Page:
I'm Daniel. A cereal lovin', traveling machine from Michigan on a solo journey around the world, documenting and sharing my unexpected tales from abroad. My aim is to inspire people like YOU to discover your very own adventures. The world is truly too big not to explore it!

6 thoughts

  1. The facial tattoos / carvings are amazing…there was a tattoo exhibit at a local maritime museum, which showed in detail how those carvings are done. Not for the squeamish to watch, LOL! I found it fascinating.

    New Zealand and Tasmania are the places I want to visit down that way – Australia, not so much.
    Great post and photos!
    🙂

    Liked by 1 person

    1. Thank you! I admired the fact that they didn’t want to cover the faces of the women to show off their natural beauty, unlike other cultures that hide the majority of their faces. Why not Australia though??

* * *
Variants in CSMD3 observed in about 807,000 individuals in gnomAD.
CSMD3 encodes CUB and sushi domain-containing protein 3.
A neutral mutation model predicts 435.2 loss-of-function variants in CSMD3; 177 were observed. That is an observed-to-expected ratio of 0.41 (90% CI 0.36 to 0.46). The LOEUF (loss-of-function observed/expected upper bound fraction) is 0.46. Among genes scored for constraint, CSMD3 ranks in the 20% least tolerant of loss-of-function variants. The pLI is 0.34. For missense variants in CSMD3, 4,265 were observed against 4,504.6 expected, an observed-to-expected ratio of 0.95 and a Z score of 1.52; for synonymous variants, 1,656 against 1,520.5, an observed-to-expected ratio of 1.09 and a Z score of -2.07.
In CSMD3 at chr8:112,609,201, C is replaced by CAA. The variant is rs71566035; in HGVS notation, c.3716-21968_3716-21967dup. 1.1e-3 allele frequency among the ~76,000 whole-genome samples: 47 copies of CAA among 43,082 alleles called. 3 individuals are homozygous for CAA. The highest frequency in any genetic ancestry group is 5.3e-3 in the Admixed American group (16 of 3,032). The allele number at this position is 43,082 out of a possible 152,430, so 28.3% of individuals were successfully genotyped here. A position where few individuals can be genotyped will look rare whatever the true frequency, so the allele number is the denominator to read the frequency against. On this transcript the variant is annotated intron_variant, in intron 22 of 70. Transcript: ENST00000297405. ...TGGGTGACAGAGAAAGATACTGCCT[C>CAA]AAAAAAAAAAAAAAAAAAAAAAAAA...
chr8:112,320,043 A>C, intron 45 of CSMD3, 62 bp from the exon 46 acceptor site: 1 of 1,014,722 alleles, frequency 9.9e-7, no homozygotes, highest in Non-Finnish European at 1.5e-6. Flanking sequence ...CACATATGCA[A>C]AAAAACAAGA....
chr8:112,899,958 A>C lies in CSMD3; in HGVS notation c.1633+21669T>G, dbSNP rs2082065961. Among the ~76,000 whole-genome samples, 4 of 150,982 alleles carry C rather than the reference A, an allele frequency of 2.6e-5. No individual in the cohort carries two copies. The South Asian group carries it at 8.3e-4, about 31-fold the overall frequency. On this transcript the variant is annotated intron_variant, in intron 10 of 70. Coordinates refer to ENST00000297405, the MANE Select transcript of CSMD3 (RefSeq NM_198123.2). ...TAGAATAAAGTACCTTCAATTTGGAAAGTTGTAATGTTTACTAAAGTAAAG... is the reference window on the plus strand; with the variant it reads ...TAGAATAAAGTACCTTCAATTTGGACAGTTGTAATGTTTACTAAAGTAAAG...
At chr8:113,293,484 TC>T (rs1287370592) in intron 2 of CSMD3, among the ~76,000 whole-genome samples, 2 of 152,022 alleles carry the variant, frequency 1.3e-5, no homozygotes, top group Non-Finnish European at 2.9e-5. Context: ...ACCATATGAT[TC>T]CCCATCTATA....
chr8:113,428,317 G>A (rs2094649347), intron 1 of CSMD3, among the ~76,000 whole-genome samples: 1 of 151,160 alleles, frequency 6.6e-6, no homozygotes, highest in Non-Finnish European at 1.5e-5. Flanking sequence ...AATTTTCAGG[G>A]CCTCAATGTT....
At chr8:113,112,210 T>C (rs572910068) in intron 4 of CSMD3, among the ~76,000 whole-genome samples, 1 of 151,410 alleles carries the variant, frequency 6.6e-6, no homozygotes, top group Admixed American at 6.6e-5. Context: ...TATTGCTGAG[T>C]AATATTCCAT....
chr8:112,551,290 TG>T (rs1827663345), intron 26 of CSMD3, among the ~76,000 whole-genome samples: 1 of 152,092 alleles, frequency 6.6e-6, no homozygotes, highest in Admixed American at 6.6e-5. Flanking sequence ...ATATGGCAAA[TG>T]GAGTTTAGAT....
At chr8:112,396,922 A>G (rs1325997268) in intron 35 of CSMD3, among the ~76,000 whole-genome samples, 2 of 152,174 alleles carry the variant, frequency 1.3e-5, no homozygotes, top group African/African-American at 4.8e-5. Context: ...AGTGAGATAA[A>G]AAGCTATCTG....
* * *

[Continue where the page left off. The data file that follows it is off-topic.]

Liked by 1 person

      1. I like how the men use the tattoos to enhance their looks, and add a touch of ferocity!

        I’m not comfortable with Australia because A) the shabby treatment of the indigenous peoples, and B) their laws about segregated beaches and the like rival the U.S. in the 1960s and previous decades. Being told that I can’t go somewhere, solely for the colour of my skin, doesn’t really sit well with me, personally.

        Like

          1. I dated a man from Australia for some time, back in the ancient times of Y2K…he was very open about the racism there – and he wasn’t a paid tour-guide, so I figured that he knew a bit of what he was talking about…
            😉

            I’m pretty sure that they’re slow to change things down there, much like any country is when it comes to equal treatment.
            Just my opinion, though – I’d be interested to know what you find out.
            😎

            Like